[Standards] RFC 3923 (e2e with S/MIME) and OpenPGP

Peter Saint-Andre stpeter at stpeter.im
Tue Jul 16 17:30:13 UTC 2013

Hash: SHA1

On 7/16/13 4:27 AM, Carlo v. Loesch wrote:
> On Tue, Jul 02, 2013 at 09:32:50AM +0200, Daniele Ricci wrote:
>>> (1) Matt's work on draft-miller-xmpp-e2e (2) OTR (potentially
>>> with future enhancements to make it more XMPP-friendly)
>>> Some energy is going into both of those (Paul Wouters and I
>>> plan to sync up at the IETF meeting at the end of July to work
>>> on an Internet-Draft providing informational documentation
>>> about OTR). Since you seem to care about this issue, your
>>> feedback would be welcome.
> Both of these approaches do not protect meta-data (who is talking
> to whom) and allow for statistical attacks on the packets (guess
> what's inside by the size etc).

Neither OTR nor Matt's approach claim to protect metadata.

> More advanced forms of e2e messaging could be torchat and
> retroshare, although I'm not sure they provide forward secrecy.

I'm sure other approaches will be emerging soon, given recent events.

> Since XMPP isn't suitable for keeping meta-data private I would
> presume that e2e privacy is out of scope for this mailing list,
> really.


> No comment on heml.is except that there is a solid lack of
> competence in its design. You don't do e2e with pgp over servers.
> That provides neither meta-data privacy nor forward secrecy.
>> Sure! Because my needs are "mobile-oriented", I have to implement
>> some e2e solution that works when both users are online or not
>> (something like offline-storage OTR?). Of course an "offline"
>> solution is less
> That's the point in OTR: It does a DHE for forward secrecy, but
> that is only possible when both sides are online. What you can do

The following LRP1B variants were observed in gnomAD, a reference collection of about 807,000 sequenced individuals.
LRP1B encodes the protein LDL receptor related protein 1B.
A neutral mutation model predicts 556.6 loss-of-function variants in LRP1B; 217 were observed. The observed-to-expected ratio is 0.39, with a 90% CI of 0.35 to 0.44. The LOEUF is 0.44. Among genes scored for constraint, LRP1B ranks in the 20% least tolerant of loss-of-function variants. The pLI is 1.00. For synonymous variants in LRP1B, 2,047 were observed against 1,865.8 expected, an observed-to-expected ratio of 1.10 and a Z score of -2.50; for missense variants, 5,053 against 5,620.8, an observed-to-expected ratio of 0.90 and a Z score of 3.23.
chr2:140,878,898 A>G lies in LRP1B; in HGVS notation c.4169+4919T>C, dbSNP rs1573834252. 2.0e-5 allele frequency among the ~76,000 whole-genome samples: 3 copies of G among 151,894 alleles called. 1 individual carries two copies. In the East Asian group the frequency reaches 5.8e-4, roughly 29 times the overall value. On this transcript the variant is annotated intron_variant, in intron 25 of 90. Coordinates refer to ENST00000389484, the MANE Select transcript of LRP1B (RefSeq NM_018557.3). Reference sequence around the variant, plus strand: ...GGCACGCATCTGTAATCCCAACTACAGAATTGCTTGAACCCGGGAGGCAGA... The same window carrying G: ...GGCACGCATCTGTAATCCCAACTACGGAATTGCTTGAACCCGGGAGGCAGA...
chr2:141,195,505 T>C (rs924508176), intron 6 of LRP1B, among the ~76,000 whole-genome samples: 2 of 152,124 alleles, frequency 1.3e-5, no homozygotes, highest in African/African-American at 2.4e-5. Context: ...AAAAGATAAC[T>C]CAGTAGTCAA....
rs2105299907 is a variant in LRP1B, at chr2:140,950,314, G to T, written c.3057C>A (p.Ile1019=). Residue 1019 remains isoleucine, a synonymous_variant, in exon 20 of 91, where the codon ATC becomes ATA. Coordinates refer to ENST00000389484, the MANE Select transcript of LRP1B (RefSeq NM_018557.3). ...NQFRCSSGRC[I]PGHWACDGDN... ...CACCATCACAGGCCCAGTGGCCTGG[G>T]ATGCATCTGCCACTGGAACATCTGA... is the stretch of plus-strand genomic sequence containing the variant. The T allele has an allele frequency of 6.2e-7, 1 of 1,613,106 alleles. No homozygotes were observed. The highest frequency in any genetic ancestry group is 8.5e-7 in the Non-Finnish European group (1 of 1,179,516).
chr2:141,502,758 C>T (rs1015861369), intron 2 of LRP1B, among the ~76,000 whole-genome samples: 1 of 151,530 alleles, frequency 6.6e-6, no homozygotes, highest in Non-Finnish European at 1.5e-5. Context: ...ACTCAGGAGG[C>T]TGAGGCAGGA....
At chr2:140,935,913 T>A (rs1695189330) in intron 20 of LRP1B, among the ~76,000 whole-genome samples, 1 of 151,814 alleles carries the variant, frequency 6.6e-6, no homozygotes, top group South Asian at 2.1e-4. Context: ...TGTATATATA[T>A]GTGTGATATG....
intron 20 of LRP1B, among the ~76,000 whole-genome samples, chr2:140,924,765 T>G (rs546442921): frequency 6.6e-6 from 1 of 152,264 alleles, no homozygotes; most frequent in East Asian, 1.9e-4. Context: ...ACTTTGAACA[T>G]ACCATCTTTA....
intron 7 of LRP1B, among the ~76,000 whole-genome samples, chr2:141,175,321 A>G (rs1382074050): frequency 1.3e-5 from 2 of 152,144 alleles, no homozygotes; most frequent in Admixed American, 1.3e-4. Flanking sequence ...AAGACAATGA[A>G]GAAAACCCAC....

> for offline messages are to choose between these options: - Make
> the forward secrecy less "perfect" by keeping a DHE alive until 
> both parties are online at the same time again for renegotiation.. 
> - Use PGP until both are online again, but then warn the user that 
> the message can be decrypted by authorities if his or her device 
> gets seized by police.
>> safe than an online one, but of course there might be a
>> compromise (warning the user that e.g. forward secrecy might be
>> compromised because recipient is offline might be an option).
>> Anyway, please keep this in mind when you will discuss your new
>> Internet-Draft.
> Yes, and you should also warn the user that if her smartphone
> still has the factory operating system there may already be an NSA
> backdoor in place before even installing any communications
> software.
> IMHO the only way to offer a confidential e2e communications 
> experience over smartphones is by offering an operating system 
> replacement with builtin onion routing messaging layer.. be it tor,
> retroshare or gnunet. XMPP is no longer appropriate for this
> scenario.

Life was different back in 1999 and we were all more innocent.


- -- 
Peter Saint-Andre

Version: GnuPG/MacGPG2 v2.0.19 (Darwin)
Comment: GPGTools - http://gpgtools.org
Comment: Using GnuPG with Thunderbird - http://www.enigmail.net/


More information about the Standards mailing list